Dave Wilkes: E1 Music VP of A&R
How does an up-and-coming emcee, producer or rapper stand out starkly on the music industry’s radar? If you think the answer is spending many long hours submitting your material to as many A&R recruiters as you can find, you might be surprised at what an iconic A&R veteran has to say. Dave Wilkes is Vice President of A&R at E1 Entertainment, formerly Koch records. As the exclusive distributor of Death Row Records - the notorious independent Rap label through which Tupac, Dre, Snoopy, and Suge Knight found fame - E1 Entertainment auditions the work of hundreds of new rap and hip hop emcees and producers. Death Row has been growing steadily since it’s deal with E1 Entertainment, and every MPC-wielding beat chemist wants a slice of that pie. As VP of A&R at E1 with a decades-long career of recruiting and managing artists who have defined the music industry, Dave Wilkes is
exactly the kind of industry insider who needs to notice you, whether you’re a producer, singer, or songwriter. With years of experience looking after recruiting established recording artists, Wilkes understands the industry’s competitive nature well as anyone. So, producers who want to get noticed by companies like E1 Entertainment, listen up.
Hip Hop Game = Intense Competition
The first thing Wilkes will tell you about E1’s hip hop A&R team is that they’re overworked:
“because we’re an independent company, each one of the employees probably works as hard as 2 or 3 employees [compared to] the way these businesses used to be run.” Part of that workload comes from the plethora of rap and hip hop artists that approach E1 to get their beats and rhymes noticed. “In the hip hop area, people seek us out like crazy… that’s a gigantic revenue centre for us,” Wilkes Said. Since hip hop is such a bustling sector of E1’s business, they don’t have time to consider producers who haven’t poured their souls into the work they do.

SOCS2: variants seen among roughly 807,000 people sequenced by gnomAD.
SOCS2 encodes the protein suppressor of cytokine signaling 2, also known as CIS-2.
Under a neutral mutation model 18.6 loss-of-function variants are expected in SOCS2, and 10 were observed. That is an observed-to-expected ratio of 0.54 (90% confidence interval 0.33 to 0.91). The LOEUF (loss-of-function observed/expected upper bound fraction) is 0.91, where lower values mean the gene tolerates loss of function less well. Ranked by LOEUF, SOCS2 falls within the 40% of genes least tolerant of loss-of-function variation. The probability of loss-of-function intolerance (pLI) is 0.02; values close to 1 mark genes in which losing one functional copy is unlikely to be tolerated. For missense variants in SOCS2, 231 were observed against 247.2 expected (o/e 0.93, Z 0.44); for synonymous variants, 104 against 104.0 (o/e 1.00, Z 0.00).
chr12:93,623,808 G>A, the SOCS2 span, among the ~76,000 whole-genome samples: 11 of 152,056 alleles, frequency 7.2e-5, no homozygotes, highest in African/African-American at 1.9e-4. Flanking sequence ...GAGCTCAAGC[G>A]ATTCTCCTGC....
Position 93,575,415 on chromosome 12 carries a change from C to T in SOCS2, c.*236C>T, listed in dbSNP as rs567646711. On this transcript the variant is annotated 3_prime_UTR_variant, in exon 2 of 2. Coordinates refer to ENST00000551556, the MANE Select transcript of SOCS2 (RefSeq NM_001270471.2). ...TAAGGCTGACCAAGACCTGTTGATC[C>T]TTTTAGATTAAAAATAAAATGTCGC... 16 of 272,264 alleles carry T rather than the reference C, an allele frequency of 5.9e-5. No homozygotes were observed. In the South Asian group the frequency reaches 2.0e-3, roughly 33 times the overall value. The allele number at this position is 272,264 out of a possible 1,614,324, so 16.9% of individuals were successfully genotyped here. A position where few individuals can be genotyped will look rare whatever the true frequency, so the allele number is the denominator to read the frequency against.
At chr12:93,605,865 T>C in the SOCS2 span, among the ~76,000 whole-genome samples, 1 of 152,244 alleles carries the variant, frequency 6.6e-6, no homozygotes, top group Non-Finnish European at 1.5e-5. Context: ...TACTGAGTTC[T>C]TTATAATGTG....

How Do You Get Noticed By A&R?
According to Wilkes, to put it simply: be original. While many producers try to impress by emulating the style of their idols, like Timbaland, Blaze, Madlib, etc., the producers that get noticed are the ones that bring something new and interesting to the established musical themes and techniques.
“You have to develop a unique, idiosyncratic sound or repertoire. It has to be something different for you to stand out among the hundreds that we hear every week… Be unique: stand out in quality and texture and repertoire.” In other words, copying your favorite music producer misses the point of music production. While you can learn production techniques, hints, and tricks from established producers, you must grow your own style by conducting your own experiments, and by willing yourself to break the mold. Surprise your listeners.
Build Your Own Music Scene
It might be tempting to sit and build beats at home, and send them with high hopes to record label A&R reps, but according to Wilkes that’s a dubious strategy. He suggests starting your career simply by getting involved: by getting to the club and finding a DJ who will play your beats, or an emcee interested in rapping over them.